Ver. 4. Blessed are they that dwell in thy house] viz. Those menial servants of thine, the priests and Levites, who have their lodgings near thee, and their employment about thee, Exclamatio pathetica ex abrupto (Trem.). This is still the happiness of God’s ministers, whose holy function and calling (both in the preparation to it and execution of it) Ieadeth them to God, and holdeth them with him.

They will be still praising thee] As having hearts full of heaven and consciences full of comfort. There cannot but be music in the temple of the Holy Ghost.


Copyright Statement
These files are public domain.
Text Courtesy of BibleSupport.com. Used by Permission.

Bibliography
Trapp, John. "Commentary on Psalms 84:4". John Trapp Complete Commentary. http://odl.studylight.org/commentaries/jtc/psalms-84.html. 1865-1868.

Matthew Poole's English Annotations on the Holy Bible

They that constantly or frequently resort to and abide in thy house; either the priests and Levites, who kept continual watch there; or other devout Jews who were there perpetually, as Anna, Luke 2:37. For they are continually employed in that blessed and glorious work of praising and serving thee in the place which thou hast appointed for that end.


Copyright Statement
These files are public domain.
Text Courtesy of BibleSupport.com. Used by Permission.

Bibliography
Poole, Matthew, "Commentary on Psalms 84:4". Matthew Poole's English Annotations on the Holy Bible. http://odl.studylight.org/commentaries/mpc/psalms-84.html. 1685.

Whedon's Commentary on the Bible

4. Dwell in thy house—The dwellers in the house of God are not simply the Levites, who always serve there, but those who in heart abide there, the spiritual dwellers.

They will be still praising thee—Notwithstanding any present affliction or temporary banishment from Zion.


Copyright Statement
These files are public domain.
Text Courtesy of BibleSupport.com. Used by Permission.

Bibliography
Whedon, Daniel. "Commentary on Psalms 84:4". "Whedon's Commentary on the Bible". http://odl.studylight.org/commentaries/whe/psalms-84.html. 1874-1909.

Joseph Benson's Commentary of the Old and New Testaments

Psalms 84:4. Blessed, &c. — “Here the metaphor is dropped, and the former sentiment expressed in plain language;” are they that dwell in thy house — That constantly abide in, or frequently resort to, thy house; intending either the priests and Levites, who kept constant watch there; or such devout Jews as Anna, Luke 2:37, who were there continually. They will be still praising thee — They are constantly employed in that blessed and glorious work, of praising and serving thee, in the place which thou hast appointed for that end. Observe, reader, “Blessed are, not the mighty and opulent of the earth, but they that dwell in God’s house, the ministers of the eternal temple in heaven, the angels and the spirits of just men made perfect; their every passion is resolved into love, every duty into praise; hallelujah succeeds hallelujah; they are still, for ever, praising thee. And blessed, next to them, are those ministers and members of the church here below, who, in disposition, as well as employment, do most resemble them.” — Horne.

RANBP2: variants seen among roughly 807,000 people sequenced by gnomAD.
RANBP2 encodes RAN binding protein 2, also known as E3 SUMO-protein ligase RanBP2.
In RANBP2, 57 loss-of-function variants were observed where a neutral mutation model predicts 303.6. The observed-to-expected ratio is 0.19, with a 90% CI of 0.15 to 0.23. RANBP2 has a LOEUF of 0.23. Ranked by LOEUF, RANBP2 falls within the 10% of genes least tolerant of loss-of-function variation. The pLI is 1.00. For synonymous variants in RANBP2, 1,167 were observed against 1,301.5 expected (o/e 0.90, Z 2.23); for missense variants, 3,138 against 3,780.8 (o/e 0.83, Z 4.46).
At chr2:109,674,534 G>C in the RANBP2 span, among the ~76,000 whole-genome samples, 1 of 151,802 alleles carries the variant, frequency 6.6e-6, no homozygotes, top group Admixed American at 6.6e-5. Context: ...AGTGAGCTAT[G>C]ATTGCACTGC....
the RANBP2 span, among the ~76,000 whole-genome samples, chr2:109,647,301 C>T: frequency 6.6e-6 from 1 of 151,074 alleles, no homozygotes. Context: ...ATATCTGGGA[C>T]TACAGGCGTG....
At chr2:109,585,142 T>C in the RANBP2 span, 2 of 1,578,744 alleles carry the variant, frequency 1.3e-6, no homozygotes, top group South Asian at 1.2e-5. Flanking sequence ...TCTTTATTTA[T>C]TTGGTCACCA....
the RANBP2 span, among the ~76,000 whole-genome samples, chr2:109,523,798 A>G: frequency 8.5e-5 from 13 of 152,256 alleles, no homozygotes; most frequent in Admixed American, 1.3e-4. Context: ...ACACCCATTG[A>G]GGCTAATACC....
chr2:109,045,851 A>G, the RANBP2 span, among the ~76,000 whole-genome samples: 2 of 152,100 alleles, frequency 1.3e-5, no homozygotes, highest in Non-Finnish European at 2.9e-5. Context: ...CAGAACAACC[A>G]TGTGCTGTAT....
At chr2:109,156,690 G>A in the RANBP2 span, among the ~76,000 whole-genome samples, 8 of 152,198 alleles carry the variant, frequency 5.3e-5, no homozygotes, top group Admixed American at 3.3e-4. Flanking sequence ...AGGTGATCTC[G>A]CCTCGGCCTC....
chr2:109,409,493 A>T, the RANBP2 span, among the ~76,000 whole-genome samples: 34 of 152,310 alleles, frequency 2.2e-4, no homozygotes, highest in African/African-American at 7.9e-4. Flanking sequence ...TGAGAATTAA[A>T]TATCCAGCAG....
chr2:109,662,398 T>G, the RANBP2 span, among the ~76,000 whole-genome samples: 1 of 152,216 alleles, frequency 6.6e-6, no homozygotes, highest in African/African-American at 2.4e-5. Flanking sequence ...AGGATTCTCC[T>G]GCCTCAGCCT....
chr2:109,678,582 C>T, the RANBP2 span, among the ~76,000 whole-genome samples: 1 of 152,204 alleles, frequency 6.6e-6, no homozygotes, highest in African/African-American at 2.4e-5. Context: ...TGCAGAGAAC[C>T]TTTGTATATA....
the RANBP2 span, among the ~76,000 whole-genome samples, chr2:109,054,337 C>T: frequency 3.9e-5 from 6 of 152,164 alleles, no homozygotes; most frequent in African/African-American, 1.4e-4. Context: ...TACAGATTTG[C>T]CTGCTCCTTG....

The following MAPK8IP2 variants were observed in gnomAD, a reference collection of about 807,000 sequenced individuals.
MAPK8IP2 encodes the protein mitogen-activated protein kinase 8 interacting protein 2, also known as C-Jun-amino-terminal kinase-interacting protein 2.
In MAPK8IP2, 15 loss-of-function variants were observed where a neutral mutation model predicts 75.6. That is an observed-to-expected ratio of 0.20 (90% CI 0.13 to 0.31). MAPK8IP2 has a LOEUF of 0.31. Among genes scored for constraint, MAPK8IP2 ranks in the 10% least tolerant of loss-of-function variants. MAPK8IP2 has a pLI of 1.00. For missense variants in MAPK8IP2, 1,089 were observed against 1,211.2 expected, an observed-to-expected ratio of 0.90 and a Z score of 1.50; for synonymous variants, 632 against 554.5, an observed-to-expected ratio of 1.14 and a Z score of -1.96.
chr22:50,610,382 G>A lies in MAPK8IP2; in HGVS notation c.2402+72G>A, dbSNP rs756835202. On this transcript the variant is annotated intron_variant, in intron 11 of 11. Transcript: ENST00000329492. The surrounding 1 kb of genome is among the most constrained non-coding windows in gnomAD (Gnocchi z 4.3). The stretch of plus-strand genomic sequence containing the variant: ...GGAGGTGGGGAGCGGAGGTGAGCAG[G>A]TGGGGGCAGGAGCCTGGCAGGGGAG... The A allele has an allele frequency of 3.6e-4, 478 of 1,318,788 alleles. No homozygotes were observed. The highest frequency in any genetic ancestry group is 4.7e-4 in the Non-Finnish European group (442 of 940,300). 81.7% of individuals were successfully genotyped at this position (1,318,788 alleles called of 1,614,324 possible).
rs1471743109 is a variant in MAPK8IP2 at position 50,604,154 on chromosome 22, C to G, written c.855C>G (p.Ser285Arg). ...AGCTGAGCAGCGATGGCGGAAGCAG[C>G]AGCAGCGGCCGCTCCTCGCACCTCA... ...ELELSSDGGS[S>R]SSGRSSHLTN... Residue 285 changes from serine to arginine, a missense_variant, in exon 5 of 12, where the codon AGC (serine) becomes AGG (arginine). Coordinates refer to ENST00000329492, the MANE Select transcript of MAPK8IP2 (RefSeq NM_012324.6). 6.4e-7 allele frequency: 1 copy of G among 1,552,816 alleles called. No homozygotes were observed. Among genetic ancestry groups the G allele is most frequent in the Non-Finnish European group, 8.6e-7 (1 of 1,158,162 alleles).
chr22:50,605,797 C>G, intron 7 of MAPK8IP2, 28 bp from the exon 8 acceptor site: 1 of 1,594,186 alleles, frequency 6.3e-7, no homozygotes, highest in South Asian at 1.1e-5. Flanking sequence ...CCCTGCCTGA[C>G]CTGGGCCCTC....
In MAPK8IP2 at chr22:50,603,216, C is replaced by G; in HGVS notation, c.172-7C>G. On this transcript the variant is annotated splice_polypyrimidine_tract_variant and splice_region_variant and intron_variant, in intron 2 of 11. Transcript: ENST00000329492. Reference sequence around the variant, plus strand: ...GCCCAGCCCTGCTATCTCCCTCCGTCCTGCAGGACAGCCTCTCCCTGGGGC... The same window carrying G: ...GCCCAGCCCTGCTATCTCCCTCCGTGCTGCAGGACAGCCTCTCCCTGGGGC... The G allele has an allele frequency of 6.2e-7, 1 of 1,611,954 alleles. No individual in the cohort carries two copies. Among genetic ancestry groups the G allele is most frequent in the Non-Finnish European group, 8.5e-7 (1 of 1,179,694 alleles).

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These files are public domain.
Text Courtesy of BibleSupport.com. Used by Permission.

Bibliography
Benson, Joseph. "Commentary on Psalms 84:4". Joseph Benson's Commentary. http://odl.studylight.org/commentaries/rbc/psalms-84.html. 1857.

E.W. Bullinger's Companion Bible Notes

Blessed. Compare verses: Psalms 84:5, Psalms 84:12. See App-63. Figure of speech Benedictio. App-6.

still praising. Compare 1 Chronicles 9:33.

Selah. Connecting the dwellers in, and the approaches to, the House of Jehovah, with the common blessedness of all true worshippers. See App-66.


Copyright Statement
These files are public domain.
Text Courtesy of BibleSupport.com. Used by Permission.

Bibliography
Bullinger, Ethelbert William. "Commentary on Psalms 84:4". "E.W. Bullinger's Companion bible Notes". http://odl.studylight.org/commentaries/bul/psalms-84.html. 1909-1922.

Treasury of Scripture Knowledge

Blessed are they that dwell in thy house: they will be still praising thee. Selah.
Blessed
23:6; 27:4; 65:4; 134:1-3
they will
71:8,15; 145:1,2,21; Isaiah 12:4,5; Revelation 7:15

Copyright Statement
These files are public domain.
Text Courtesy of BibleSupport.com. Used by Permission.

Bibliography
Torrey, R. A. "Commentary on Psalms 84:4". "The Treasury of Scripture Knowledge". http://odl.studylight.org/commentaries/tsk/psalms-84.html.